The above examples are written in PHP, but can be replicated in any object-oriented language. However, composability is not limited to OOP code: it is also a fundamental aspect of functional programming. Here, complex behaviors are obtained by linking small functions together. Functions can take other functions as arguments and return a new higher-order function as a result.

const square = x => (x * x); const quadruplicate = x => (x * 4); // 16 console.log(compose(square, quadruple)(2));

This minimal JavaScript example uses the compose function library to compose the square and quadruple units into another function that squares the input and then quadruples it. The compose() helper function accepts other functions to compose; it returns a new function that calls the string of inputs in sequence.

You will also encounter composability in modern composite development frameworks. Here’s an example of a simple set of React components:

const UserCard = ({user, children}) => (



† const UserAvatar = ({user}) => { if (user.avatarId) { return † } else return † † const UserCardWithAvatar = ({user}) => (

Each part is kept simple by only dealing with a specific part of the overall functionality. You can render the UserCard on its own or build a new variant with an avatar or other React component. The UserCard is not complicated by the logic responsible for displaying the correct avatar image file.

Composition vs Inheritance

Object-oriented languages ​​often achieve code reuse through inheritance. Choosing inheritance as your default strategy can be a costly mistake that makes it more difficult to maintain a project over time.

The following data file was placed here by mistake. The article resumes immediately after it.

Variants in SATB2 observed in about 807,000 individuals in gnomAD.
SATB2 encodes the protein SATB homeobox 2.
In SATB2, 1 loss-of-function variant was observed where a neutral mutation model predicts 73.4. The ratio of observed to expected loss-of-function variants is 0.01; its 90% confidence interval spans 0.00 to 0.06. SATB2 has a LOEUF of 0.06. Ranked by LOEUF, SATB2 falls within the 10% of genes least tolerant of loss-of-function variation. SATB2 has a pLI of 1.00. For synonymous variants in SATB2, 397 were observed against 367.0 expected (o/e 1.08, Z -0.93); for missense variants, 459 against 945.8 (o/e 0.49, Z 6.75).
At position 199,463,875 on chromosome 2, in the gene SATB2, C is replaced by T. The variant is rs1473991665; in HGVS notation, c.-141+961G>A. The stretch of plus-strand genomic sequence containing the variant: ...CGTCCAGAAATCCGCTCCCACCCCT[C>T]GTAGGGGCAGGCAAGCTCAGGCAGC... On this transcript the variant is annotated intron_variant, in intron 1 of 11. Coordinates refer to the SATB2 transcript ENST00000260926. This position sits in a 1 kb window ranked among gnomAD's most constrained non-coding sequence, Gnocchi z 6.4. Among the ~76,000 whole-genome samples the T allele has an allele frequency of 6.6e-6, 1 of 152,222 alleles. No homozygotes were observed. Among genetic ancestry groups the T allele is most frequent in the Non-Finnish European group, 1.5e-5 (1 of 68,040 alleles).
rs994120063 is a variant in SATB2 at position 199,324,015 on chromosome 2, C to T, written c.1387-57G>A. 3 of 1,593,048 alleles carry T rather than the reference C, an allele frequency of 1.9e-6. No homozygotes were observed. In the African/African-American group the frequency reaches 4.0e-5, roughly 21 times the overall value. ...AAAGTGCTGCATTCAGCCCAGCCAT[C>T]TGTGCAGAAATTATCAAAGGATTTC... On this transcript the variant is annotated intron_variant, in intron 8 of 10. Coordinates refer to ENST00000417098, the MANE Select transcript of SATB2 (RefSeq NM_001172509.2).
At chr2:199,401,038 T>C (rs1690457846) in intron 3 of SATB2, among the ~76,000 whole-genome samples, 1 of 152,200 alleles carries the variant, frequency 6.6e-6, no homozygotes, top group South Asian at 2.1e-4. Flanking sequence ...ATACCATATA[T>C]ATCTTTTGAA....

Most languages ​​do not support multiple inheritance, so your options for complex combinations of functionality are limited. Here’s the log message from previously reworked in a similar inheritance model:

class LogMessage implements LogMessage { public function __construct (public read-only string $message): void; } class LogMessageWithEmail extends LogMessage implementations Mailable { public function getEmailContent() : string { return “New log message: {$this -> message}”; } } class LogMessageWithUser extends LogMessage implementations RelatedToUser { public function __construct(public read-only string $message, public read-only int $userId) { } public function getTargetUserId() : int { return $this -> userId; †

These lessons may seem helpful to begin with. Now you don’t need specific implementations of log messages, such as our UserLoggedInMessage class. However, there is one big problem: if you need to write a log message related to a user and send an email, there is no class for that. You could write a LogMessageWithEmailAndUser, but you’d start slithering every possible permutation with “generic” concrete class implementations.